by Kara Larson, Make it Minnesota
Martin Grider has been making video games since 2006. He is an organizer for the IGDA Twin Cities chapter, and writes about mobile game development and game design on his blog at http://chesstris.com/.
Talk about the beginnings of Abstract Puzzle. What inspired you to begin this endeavor?
I had been making games for a few years, since at least 2006, when I quit my day job in 2012 to do freelance (contract) iOS development. Some of that contract development was making games, but I also decided to take making games as a business more seriously at the same time. I created the Abstract Puzzle LLC, and used it for both purposes. It was actually like starting two businesses at once, but I didn’t look at it that way at the time.
Have you always been creative? Do you remember the first game you created?
I have always made games, for sure! I do think of computer programming as a creative endeavor, and that’s what I spend the majority of my time doing. The “coming up with an idea for a game” part is really a minor part of the effort, and the majority of my game designs are combinations of other games I think are fun. I like to imagine mashing up Tetris and Chess, or other board games with other video games. Often when I get into the details of how such a mashup might work, it really starts to become something totally unique.
In terms of living and making in Minnesota, do you feel connected to this place?
Yes. I’m from here. It’s definitely the most connected I feel to any place. But I also don’t feel like my games are particularly “from here” or “of here.” I like to imagine they are timeless (placeless?) or hold some kind of universal appeal, but that may be wishful thinking. Certainly we are all influenced by our environments in ways that are entirely subconscious.
Do you have some insight into game development in the Twin Cities? What can you say about it?
Game development here is incredibly fractured and multifaceted. I help run the local chapter of the International Game Developer’s Association (http://igdatc.org/), and when I first started attending the group in 2007, it was definitely the only place I knew of to connect with other game developers. But then I may have just not been as connected then as I am now. It certainly feels like the game development “scene” has grown since that time, but it may just be that the group has grown in that time, and that’s my only metric. We have very little game development activity in comparison with larger hubs like San Francisco, Boston, LA, New York, or even Toronto or Montreal.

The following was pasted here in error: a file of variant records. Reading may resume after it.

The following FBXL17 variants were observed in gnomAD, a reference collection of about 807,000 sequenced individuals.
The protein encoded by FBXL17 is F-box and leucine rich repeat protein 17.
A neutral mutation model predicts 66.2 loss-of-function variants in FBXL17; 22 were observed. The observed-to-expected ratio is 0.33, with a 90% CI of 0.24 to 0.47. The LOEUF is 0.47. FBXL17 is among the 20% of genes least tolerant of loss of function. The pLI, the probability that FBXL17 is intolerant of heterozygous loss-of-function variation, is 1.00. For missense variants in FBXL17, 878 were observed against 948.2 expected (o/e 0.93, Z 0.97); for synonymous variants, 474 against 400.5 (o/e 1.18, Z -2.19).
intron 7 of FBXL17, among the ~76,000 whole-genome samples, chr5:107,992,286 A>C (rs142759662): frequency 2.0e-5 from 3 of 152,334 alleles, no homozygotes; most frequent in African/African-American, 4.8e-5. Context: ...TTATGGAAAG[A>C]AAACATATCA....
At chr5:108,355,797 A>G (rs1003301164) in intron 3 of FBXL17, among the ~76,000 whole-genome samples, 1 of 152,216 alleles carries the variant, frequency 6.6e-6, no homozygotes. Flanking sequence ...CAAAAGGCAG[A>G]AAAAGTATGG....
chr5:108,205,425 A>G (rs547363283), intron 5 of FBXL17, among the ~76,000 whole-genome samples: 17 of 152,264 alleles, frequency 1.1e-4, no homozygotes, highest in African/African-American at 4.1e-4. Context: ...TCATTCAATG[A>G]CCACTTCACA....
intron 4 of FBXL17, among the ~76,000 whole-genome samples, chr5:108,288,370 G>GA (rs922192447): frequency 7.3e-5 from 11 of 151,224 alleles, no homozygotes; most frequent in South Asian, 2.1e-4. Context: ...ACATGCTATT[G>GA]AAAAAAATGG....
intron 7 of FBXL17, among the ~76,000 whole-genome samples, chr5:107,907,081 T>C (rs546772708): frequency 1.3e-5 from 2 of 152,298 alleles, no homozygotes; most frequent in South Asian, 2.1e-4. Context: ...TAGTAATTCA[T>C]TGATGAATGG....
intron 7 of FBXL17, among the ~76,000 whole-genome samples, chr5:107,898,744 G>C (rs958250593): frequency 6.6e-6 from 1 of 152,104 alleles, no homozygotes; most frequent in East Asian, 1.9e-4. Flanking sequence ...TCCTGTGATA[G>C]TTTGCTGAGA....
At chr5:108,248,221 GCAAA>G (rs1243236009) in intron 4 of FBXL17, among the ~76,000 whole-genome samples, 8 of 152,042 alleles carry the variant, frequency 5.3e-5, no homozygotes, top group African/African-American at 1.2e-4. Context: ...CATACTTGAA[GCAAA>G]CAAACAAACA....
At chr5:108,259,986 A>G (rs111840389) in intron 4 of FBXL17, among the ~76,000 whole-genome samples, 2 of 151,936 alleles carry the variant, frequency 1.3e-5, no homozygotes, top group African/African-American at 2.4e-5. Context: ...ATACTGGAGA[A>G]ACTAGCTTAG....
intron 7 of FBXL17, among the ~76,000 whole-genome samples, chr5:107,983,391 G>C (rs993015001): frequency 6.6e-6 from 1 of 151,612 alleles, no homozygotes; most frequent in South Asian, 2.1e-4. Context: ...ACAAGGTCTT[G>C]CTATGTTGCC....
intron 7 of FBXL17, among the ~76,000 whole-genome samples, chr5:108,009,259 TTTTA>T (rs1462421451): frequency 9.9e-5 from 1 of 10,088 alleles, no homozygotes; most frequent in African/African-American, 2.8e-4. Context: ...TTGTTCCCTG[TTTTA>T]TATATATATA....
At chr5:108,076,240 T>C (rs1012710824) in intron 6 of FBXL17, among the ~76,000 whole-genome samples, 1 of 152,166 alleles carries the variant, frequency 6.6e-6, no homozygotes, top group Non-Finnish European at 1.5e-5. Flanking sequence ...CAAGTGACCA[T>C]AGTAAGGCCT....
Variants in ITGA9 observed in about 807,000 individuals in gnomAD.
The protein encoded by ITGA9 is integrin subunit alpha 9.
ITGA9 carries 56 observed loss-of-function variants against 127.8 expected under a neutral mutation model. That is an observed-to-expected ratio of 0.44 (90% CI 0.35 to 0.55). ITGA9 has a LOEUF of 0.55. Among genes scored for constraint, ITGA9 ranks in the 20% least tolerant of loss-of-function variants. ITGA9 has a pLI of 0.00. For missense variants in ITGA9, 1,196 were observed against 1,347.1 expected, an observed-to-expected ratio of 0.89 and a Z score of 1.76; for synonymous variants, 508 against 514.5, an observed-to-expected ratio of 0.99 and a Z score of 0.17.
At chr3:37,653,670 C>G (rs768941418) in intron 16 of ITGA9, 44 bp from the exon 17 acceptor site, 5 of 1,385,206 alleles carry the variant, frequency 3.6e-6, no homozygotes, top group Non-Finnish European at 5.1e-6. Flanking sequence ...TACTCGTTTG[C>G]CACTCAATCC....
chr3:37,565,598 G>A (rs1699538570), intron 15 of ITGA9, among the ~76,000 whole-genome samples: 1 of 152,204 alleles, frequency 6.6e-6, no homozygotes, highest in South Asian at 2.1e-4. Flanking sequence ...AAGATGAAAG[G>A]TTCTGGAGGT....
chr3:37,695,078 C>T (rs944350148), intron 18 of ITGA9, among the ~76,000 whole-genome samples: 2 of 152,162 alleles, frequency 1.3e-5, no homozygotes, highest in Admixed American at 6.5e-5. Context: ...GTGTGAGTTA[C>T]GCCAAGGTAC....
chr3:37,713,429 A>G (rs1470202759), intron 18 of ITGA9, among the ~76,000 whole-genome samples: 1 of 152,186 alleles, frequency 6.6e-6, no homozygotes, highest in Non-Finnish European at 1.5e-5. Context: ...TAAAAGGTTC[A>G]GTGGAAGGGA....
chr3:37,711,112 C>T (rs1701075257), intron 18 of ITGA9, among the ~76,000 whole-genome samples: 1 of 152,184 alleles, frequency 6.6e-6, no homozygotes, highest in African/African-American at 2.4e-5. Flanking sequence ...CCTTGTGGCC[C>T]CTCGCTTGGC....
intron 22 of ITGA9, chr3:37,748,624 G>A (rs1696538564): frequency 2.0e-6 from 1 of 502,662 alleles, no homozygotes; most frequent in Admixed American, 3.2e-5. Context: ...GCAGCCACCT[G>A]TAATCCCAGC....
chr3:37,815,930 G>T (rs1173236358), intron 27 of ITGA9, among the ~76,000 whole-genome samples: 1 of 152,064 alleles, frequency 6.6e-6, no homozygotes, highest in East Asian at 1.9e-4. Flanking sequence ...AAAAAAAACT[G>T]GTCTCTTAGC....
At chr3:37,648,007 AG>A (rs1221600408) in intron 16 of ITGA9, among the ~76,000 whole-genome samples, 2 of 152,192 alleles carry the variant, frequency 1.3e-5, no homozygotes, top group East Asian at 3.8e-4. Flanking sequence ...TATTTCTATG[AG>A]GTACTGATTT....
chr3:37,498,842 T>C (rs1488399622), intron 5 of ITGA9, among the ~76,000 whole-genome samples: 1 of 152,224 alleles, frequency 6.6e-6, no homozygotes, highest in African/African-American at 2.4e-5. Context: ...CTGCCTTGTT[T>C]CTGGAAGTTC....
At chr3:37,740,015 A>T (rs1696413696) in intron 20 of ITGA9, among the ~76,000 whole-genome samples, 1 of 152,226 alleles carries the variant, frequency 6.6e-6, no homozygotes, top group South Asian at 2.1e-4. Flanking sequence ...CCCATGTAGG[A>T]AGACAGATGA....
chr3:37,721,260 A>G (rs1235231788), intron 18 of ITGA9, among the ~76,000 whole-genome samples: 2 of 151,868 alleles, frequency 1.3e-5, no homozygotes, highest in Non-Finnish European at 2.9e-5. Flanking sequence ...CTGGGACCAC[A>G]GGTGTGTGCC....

What is your mission with Abstract Puzzle?
My mission has always been to make games that I want to play. Those tend to be “puzzling” or “thinking” games, (my website says “unique, thought-provoking games”). Secondary missions are to release my games on as many platforms as possible, and to make a living in software development on my own terms.
What do you see for the future of your business?
I have intentionally been doing as many Virtual Reality projects as possible in the last year or so. I think we are going to see more and more adoption of the technology and hardware it requires in the coming years. I have yet to release a VR project on my own, but Puzzle Prison isn’t too far off from that goal. I have some other VR ideas I’d also like to release in the near-future, specifically for the HTC Vive.
What do you find fulfilling in making unique, thought-provoking games?
I place inherent value in thinking in new ways and analytical problem solving. I believe these are skills that you can improve with practice, and that have direct impact on your ability to thrive in our complex society. I try and make games that exercise your ability to think. This can be a tough market, because almost nobody wants to be playing games to practice a skill or feel like they are learning something, but it’s where I like to imagine I’m operating.
Have you participated in MSP Mini Maker Faire before? What will you be sharing there on June 3rd?
I’ve only visited the faire as a spectator once previously, and I knew within minutes that I’d like to be more involved in the future. I’ll have three things on my table: 1. A VR headset (or two) showing my game Puzzle Prison, which is a puzzle game where the game is all around you. 2. a prototype board game I’m calling Eigenstate, and 3. An iPad (or two) loaded up with a bunch of my iOS games on it.
Can you talk about your latest VR puzzle game, Puzzle Prison?
Puzzle Prison is at its heart a block-breaking game. You simply select a group of 3 or more blocks of the same color, and they are removed from the gameboard. There are blocks falling from the ceiling, and if they pile up too high, the game is over. The key difficulty lies in the fact that the game is played in 360-degrees all around the player. You have to constantly rotate your body to make sure you’re not missing something that’s happening behind you. It also features a unique soundtrack by local electronic dance musician DR00. It’s had a pretty positive reception so far, and I can’t wait to put it in the various app stores. (This will be my first Abstract Puzzle release with both an iOS and Android version.)
Originally posted on Make it Minnesota (http://makeitmn.com/martin-grider/) and reposted with permission.